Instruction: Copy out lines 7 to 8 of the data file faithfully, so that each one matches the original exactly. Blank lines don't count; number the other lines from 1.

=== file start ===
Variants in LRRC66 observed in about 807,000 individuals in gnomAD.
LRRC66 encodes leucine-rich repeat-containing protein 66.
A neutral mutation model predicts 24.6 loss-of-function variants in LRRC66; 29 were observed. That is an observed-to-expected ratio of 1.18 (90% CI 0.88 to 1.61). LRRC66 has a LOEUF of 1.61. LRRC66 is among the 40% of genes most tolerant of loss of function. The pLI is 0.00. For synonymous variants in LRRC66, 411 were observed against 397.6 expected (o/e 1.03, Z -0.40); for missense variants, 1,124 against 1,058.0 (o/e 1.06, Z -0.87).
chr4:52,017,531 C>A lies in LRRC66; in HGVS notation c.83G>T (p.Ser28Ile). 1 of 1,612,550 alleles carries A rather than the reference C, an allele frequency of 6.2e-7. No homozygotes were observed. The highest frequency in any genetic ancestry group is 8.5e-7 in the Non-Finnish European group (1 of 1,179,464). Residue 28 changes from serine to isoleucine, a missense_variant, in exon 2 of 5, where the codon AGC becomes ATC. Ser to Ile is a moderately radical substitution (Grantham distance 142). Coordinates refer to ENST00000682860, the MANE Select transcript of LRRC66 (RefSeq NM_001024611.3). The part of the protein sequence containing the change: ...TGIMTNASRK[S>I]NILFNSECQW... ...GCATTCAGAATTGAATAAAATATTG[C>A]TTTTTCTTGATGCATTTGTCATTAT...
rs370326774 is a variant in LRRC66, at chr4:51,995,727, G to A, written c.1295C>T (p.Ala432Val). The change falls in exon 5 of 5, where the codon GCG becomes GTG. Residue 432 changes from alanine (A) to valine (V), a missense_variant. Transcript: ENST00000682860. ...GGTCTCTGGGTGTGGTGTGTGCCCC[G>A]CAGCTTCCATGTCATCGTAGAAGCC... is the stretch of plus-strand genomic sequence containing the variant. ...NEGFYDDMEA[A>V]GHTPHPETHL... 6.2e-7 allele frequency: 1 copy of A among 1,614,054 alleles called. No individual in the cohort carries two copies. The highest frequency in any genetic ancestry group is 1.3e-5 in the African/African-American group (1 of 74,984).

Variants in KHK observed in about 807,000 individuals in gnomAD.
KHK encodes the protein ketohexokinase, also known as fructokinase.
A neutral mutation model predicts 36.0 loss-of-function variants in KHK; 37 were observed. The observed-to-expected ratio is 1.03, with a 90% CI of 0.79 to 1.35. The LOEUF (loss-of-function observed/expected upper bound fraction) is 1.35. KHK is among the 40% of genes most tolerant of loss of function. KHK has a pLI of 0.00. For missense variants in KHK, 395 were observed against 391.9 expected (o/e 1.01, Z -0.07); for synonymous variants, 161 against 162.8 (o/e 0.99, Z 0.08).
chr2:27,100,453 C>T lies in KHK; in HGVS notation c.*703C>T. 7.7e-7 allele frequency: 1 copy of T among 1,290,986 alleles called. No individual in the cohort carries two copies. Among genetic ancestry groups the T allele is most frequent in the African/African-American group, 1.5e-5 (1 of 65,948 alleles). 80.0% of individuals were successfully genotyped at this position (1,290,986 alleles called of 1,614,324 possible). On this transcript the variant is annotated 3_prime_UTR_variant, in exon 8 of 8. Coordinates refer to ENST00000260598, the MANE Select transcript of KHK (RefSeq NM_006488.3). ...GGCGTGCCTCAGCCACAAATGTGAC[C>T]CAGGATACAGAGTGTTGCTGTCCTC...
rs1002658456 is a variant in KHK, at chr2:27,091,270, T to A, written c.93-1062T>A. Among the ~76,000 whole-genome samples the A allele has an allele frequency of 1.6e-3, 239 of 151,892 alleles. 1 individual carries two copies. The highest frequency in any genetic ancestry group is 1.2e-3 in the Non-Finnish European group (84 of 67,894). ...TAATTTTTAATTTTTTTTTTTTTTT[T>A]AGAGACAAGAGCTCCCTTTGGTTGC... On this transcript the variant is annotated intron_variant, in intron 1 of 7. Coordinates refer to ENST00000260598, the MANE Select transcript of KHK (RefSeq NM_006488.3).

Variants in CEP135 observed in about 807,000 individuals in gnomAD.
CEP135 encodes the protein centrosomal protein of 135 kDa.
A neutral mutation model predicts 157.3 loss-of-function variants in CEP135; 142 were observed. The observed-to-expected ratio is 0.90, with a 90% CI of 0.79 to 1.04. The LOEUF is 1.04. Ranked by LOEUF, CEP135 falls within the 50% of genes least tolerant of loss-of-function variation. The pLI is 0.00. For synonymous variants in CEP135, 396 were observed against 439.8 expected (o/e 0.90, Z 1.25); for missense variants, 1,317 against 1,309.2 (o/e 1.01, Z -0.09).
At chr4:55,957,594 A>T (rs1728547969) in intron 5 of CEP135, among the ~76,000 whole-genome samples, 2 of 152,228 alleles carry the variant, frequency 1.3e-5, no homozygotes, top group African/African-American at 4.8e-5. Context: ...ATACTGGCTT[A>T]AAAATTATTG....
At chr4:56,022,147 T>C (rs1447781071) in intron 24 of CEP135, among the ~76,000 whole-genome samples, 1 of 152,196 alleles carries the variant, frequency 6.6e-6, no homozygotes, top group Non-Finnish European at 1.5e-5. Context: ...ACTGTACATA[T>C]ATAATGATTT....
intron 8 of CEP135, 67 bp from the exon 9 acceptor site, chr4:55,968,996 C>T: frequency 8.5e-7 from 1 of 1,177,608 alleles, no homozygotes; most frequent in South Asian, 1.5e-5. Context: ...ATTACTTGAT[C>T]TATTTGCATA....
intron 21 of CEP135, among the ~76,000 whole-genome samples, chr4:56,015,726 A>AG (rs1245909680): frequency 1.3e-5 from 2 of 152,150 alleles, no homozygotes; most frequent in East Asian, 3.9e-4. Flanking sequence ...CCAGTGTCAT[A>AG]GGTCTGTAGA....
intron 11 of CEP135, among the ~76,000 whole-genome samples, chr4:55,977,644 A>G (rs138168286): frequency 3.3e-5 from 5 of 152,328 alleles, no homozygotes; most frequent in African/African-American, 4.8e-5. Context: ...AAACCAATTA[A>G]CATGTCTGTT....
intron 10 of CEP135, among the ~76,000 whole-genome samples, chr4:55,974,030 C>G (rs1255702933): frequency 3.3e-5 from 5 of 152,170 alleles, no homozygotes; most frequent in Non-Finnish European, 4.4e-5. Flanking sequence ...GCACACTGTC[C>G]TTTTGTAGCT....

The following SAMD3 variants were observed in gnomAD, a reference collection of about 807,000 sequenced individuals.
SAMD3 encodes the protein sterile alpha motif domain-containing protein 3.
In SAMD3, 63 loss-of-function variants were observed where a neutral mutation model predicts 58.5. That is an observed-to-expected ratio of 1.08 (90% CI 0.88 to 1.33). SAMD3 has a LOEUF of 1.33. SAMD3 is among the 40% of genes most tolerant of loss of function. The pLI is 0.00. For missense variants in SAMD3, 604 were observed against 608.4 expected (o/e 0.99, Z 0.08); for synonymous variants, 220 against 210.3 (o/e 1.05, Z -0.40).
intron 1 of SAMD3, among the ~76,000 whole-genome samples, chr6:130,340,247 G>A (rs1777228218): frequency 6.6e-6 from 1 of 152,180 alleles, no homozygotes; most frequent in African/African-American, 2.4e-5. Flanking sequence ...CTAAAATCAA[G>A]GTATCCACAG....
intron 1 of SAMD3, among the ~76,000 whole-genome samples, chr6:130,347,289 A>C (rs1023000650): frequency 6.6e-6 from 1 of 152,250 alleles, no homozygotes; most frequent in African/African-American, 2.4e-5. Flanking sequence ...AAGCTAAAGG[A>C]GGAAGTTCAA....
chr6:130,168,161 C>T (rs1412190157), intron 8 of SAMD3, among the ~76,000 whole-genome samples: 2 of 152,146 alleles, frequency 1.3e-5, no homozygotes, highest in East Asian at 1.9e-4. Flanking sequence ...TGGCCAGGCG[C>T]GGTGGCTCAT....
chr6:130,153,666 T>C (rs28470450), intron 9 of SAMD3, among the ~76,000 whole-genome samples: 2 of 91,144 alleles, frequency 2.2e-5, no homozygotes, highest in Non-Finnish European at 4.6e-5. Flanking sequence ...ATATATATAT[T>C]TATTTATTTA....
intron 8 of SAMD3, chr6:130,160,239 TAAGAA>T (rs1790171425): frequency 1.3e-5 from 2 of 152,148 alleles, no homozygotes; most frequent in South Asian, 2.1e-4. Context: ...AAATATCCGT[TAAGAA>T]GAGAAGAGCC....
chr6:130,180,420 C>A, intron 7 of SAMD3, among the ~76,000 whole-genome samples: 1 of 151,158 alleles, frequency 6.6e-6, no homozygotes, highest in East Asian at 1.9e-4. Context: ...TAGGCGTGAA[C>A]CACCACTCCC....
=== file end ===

KHK encodes the protein ketohexokinase, also known as fructokinase.
A neutral mutation model predicts 36.0 loss-of-function variants in KHK; 37 were observed. The observed-to-expected ratio is 1.03, with a 90% CI of 0.79 to 1.35. The LOEUF (loss-of-function observed/expected upper bound fraction) is 1.35. KHK is among the 40% of genes most tolerant of loss of function. KHK has a pLI of 0.00. For missense variants in KHK, 395 were observed against 391.9 expected (o/e 1.01, Z -0.07); for synonymous variants, 161 against 162.8 (o/e 0.99, Z 0.08).